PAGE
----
Interview with Andrea Clearfield

Andrea Clearfield was commissioned by Lyric Fest to compose a work for Lyric Fest’s 10th Anniversary Season. We thank John and Sandi so much for their generous support in making this possible.

composing_Drift_of_ThingsAndrea had a packed day at Yaddo Artist Residency where she was composing and also rehearsing for Lyric Fest via Skype(!) with Laura, Katy and Randall. We are grateful that she was able to take a bit of time out to answer a few questions for us.

Q: Can you tell us a little about the work you created?
The work is a large-scale song cycle consisting of nine songs, arranged in three large movements for mezzo-soprano, baritone and piano. There are 7 solos and 2 duets. It is commissioned by Lyric Fest with generous support from Sandi and John Stouffer.

Q: So, as a composer when you are asked to specifically compose a piece in response to another work, is it restraining, or does it take you to places you might not have gone?
I enjoy working with the parameters of a commission, and in this case, in response to another work. Most definitely it takes me to places that I might not have explored otherwise. I like the challenge of creating a sound world that is informed by another work. Winterreise is such a strong and beautiful work with rich, deep archetypal themes about the human condition — this commission became its own journey of contemplating these themes and identifying poetry that expresses them in soulful, evocative, ironic, mystical and colorful ways. It was also a daunting task to write something inspired by such a great masterwork! It took several months to find the right texts and construct the overall architecture and dramatic trajectory.

Q: What do you look for in a given text that makes you feel it would be a good song?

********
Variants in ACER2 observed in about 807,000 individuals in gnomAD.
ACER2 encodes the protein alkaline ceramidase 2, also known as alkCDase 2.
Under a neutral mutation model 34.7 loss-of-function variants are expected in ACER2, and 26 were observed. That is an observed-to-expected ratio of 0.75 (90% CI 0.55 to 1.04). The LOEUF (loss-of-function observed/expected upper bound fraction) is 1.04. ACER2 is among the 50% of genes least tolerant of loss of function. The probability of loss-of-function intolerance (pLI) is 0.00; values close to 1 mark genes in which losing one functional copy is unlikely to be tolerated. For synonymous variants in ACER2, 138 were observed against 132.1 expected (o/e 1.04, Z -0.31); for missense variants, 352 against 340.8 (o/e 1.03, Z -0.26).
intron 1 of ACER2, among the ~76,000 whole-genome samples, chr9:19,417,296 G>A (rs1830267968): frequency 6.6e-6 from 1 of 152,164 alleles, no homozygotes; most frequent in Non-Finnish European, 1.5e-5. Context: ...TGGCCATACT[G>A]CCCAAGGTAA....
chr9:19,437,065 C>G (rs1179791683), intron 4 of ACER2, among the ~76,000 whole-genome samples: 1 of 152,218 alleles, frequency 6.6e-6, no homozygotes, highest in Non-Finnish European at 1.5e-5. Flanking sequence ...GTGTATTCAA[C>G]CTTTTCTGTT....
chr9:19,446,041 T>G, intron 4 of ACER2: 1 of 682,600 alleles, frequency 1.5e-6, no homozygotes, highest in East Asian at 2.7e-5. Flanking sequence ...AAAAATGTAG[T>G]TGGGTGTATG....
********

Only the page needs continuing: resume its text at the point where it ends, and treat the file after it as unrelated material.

This varies — I look for a number of things which include space for the music to breathe and develop, rhythm, form, emotion, evocative image, a text that lends itself to layers of meaning, a poem that moves me or opens up a new world of meaning/sound. I can read many, many poems in preparation for a work like this. From those, I will choose the ones that sing to me; where I hear music inherent, where there might be a transformative element.

Q: How important is it to you that you connect to your listener/audience — and does that affect how you express yourself or make choices?
I write music that moves me, that feels true, and hope that it will also move others. I also think about the singers, that the music can communicate to them, and that they can then express the work from a personal place of their own.

Q: Are there any specifics about what our listeners will hear from your work?
For “The Drift of Things; Winter Songs,” I chose themes from Schubert’s Winterreise such as winter/nature/storm, pilgrimage/roads/paths, love and change, solitude, contemplation and loneliness, the seeker and the wanderer.  These themes are expressed through the poetry of Robert Frost, Rainer Maria Rilke, John Keats, William Shakespeare, Friedrich Hoelderlin, David Wagoner and Mary Kancewick.

Q: What are you working on now?

My first opera, as a composer fellow at Yaddo artist residency in Saratoga Springs, NY.

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